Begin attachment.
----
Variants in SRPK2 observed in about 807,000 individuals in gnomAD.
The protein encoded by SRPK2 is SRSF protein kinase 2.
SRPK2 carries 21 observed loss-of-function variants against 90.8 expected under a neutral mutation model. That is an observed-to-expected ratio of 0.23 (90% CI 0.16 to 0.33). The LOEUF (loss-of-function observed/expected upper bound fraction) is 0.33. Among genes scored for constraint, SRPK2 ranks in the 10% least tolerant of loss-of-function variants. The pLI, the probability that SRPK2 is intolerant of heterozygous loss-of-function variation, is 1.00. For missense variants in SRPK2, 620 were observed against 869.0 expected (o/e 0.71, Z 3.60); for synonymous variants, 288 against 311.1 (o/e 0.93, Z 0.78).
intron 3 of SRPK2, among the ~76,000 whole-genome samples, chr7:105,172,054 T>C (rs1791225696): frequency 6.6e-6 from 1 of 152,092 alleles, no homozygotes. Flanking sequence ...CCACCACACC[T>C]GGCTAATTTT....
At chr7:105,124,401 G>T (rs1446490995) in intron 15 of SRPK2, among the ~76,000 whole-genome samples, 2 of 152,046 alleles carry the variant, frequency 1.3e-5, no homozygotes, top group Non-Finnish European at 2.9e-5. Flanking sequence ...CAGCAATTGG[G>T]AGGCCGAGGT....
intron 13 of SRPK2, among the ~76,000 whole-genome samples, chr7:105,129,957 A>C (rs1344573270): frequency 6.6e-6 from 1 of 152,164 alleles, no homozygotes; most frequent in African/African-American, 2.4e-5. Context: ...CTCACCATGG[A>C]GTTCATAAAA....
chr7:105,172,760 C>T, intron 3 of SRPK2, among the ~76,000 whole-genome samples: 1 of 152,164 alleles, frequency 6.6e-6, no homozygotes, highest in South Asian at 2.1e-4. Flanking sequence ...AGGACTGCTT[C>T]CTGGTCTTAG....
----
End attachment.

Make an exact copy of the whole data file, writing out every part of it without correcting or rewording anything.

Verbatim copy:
Variants in SRPK2 observed in about 807,000 individuals in gnomAD.
The protein encoded by SRPK2 is SRSF protein kinase 2.
SRPK2 carries 21 observed loss-of-function variants against 90.8 expected under a neutral mutation model. That is an observed-to-expected ratio of 0.23 (90% CI 0.16 to 0.33). The LOEUF (loss-of-function observed/expected upper bound fraction) is 0.33. Among genes scored for constraint, SRPK2 ranks in the 10% least tolerant of loss-of-function variants. The pLI, the probability that SRPK2 is intolerant of heterozygous loss-of-function variation, is 1.00. For missense variants in SRPK2, 620 were observed against 869.0 expected (o/e 0.71, Z 3.60); for synonymous variants, 288 against 311.1 (o/e 0.93, Z 0.78).
intron 3 of SRPK2, among the ~76,000 whole-genome samples, chr7:105,172,054 T>C (rs1791225696): frequency 6.6e-6 from 1 of 152,092 alleles, no homozygotes. Flanking sequence ...CCACCACACC[T>C]GGCTAATTTT....
At chr7:105,124,401 G>T (rs1446490995) in intron 15 of SRPK2, among the ~76,000 whole-genome samples, 2 of 152,046 alleles carry the variant, frequency 1.3e-5, no homozygotes, top group Non-Finnish European at 2.9e-5. Flanking sequence ...CAGCAATTGG[G>T]AGGCCGAGGT....
intron 13 of SRPK2, among the ~76,000 whole-genome samples, chr7:105,129,957 A>C (rs1344573270): frequency 6.6e-6 from 1 of 152,164 alleles, no homozygotes; most frequent in African/African-American, 2.4e-5. Context: ...CTCACCATGG[A>C]GTTCATAAAA....
chr7:105,172,760 C>T, intron 3 of SRPK2, among the ~76,000 whole-genome samples: 1 of 152,164 alleles, frequency 6.6e-6, no homozygotes, highest in South Asian at 2.1e-4. Flanking sequence ...AGGACTGCTT[C>T]CTGGTCTTAG....